Why don't we heed the warnings - and change? - Veterinary Practice
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Why don’t we heed the warnings – and change?

in which a guest columnist takes
the temperature of the profession –
and the world around

AS a small boy, I was always taught to hold doors open for ladies and a myriad of other actions which would indicate the quality of my upbringing, in an age where an overt display of consideration for others was not only expected but required. That, of course, was a very long time ago and so much has changed since then. Consideration for others seems to be left to professional agencies now, preferably ones where a modest donation can salve the collective conscience. Intriguingly, while some ladies of a more mature disposition still appreciate the door being held open for them, so many either don’t notice or simply steam through regardless. Many of a younger generation actively dislike the gesture and appear to miss the point completely; it isn’t about equality, it is about consideration. Clearly, a lot has changed. Perhaps the rot set in much further back. When, after the First World War, the class system dissolved in the nascent realisation that one could no longer expect those who had served and given their lives in the trenches, alongside the ruling class, to be disdainfully returned to the Downton Abbey existence of masters and servants, things began to change.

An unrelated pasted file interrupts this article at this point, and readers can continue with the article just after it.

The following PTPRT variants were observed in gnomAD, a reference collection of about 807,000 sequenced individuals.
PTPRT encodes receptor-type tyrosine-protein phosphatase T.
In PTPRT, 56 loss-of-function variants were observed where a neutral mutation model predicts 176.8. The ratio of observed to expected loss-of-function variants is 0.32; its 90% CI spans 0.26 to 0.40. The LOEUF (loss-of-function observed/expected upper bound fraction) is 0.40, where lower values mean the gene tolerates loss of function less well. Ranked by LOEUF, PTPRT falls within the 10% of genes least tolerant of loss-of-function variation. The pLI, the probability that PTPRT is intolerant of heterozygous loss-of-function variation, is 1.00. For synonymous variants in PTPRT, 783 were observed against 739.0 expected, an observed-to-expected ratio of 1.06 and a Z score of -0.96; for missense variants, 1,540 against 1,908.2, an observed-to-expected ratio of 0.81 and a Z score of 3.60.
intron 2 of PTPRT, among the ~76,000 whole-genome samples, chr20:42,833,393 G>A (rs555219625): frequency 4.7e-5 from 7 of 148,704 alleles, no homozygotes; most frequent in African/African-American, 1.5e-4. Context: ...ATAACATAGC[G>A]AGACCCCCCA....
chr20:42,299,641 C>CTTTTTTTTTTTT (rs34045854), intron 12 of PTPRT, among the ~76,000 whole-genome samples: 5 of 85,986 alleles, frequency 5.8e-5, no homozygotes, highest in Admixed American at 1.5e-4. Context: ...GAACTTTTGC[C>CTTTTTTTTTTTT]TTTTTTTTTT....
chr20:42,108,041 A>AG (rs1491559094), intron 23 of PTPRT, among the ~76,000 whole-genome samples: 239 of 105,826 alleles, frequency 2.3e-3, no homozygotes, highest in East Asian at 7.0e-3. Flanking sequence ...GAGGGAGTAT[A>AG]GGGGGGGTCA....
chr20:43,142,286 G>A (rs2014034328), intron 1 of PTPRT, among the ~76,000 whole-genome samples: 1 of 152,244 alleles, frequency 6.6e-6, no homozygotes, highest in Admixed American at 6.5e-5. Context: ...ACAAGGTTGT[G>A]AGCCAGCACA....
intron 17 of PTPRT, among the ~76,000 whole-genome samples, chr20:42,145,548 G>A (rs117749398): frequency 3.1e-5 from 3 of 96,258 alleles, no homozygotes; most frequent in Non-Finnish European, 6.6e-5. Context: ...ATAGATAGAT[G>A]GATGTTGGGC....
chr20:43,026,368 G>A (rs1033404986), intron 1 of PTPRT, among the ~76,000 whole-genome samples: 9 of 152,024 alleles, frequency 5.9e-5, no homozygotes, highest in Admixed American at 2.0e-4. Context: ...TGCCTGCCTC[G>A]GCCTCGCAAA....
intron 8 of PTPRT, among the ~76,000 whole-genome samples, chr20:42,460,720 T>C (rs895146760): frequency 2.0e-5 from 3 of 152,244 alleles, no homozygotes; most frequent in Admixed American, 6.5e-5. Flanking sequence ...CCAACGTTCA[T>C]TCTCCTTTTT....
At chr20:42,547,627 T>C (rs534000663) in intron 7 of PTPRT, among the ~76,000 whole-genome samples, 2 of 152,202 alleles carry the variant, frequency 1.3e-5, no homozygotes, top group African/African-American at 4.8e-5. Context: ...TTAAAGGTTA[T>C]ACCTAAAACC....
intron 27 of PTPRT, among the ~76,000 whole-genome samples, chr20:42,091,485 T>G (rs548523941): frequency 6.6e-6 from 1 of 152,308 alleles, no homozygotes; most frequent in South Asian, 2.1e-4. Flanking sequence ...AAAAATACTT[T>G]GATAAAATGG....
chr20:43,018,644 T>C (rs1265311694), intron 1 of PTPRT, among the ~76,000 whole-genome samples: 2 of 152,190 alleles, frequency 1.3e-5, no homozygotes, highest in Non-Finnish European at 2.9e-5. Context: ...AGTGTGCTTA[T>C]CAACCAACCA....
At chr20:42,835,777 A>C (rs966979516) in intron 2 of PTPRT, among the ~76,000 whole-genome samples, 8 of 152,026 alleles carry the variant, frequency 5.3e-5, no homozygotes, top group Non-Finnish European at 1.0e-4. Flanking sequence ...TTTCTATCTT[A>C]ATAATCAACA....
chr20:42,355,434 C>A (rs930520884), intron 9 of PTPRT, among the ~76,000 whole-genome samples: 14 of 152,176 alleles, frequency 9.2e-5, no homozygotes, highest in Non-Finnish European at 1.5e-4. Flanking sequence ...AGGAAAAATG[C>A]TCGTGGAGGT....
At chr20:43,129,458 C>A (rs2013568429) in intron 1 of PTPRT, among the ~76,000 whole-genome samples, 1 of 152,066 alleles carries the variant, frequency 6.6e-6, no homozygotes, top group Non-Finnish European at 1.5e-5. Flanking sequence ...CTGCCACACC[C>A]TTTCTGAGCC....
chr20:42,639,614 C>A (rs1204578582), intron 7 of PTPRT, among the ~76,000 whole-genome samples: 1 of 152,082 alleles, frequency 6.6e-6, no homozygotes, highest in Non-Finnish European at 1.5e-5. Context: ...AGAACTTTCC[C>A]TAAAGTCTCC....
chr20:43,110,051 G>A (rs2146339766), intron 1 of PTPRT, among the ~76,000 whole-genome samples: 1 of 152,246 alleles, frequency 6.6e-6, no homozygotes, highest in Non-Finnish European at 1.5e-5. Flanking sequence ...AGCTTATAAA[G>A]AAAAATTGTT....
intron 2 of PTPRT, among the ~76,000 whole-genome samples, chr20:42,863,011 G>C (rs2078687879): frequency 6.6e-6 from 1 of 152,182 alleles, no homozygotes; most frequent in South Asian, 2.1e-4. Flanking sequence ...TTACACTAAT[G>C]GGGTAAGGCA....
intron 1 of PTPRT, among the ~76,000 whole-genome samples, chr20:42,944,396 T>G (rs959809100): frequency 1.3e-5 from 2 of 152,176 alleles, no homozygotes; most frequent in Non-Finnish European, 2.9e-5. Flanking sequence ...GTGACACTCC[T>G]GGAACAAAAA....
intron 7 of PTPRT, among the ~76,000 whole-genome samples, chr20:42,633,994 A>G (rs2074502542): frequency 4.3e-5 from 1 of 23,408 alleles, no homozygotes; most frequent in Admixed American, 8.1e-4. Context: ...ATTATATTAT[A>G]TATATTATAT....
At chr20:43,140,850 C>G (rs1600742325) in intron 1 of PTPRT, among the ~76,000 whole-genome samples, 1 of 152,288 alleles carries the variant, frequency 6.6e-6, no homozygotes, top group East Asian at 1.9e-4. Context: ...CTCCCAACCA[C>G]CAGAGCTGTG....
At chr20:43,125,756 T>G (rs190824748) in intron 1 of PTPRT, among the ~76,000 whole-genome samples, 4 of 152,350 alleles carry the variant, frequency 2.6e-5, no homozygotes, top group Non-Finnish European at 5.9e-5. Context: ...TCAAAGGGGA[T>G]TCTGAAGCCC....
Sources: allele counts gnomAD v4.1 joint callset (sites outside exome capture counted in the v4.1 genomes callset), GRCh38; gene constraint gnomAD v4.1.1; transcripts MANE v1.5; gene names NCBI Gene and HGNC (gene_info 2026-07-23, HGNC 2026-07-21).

Retail explosion

Then, after the Second World War, rationing and the slow escape from privation served to unify the nation in a sense of collective opportunism which was, in turn, fuelled by the instant communication of film and radio, then television which showed us all what wonders we could have if only we could afford it. Hey presto, in the 1950s, along came credit cards and, in a retail explosion, the modern-day consumer was born. The rest is history but none of us would be where we are now without the US style of credit provision that not only made new cars, kitchens and foreign holidays possible but set the pattern for boom and bust on a truly continental scale. Not only have we, as individuals, been offered an endless vista of easy
credit but our respective governments have followed our lead. In just the same way that our families cannot exist at the level many of us choose, without borrowing to fund the excess, neither can our governments and, if one looks behind the hype and bombast of Brussels, the introduction of a secondary and apparently unifying layer of government should have signalled from the outset that this was barely affordable for the wealthy nations let alone those who watched enviously from the sidelines. There is a certain irony in that those who brought the miracle expansion about have themselves created the disaster which has now brought it low. Rather like Brussels, the management of the banks have long believed their own PR and rapidly lost sight of the kind of financial probity which required accountability and the need for one senior person to check a junior person’s
work. In a tsunami of concerns about equality and the rights of individuals, our 21st century culture has become obsessed with certain issues and blinded
about others.

Little cohesion

All this is symptomatic of change in an environment where there is little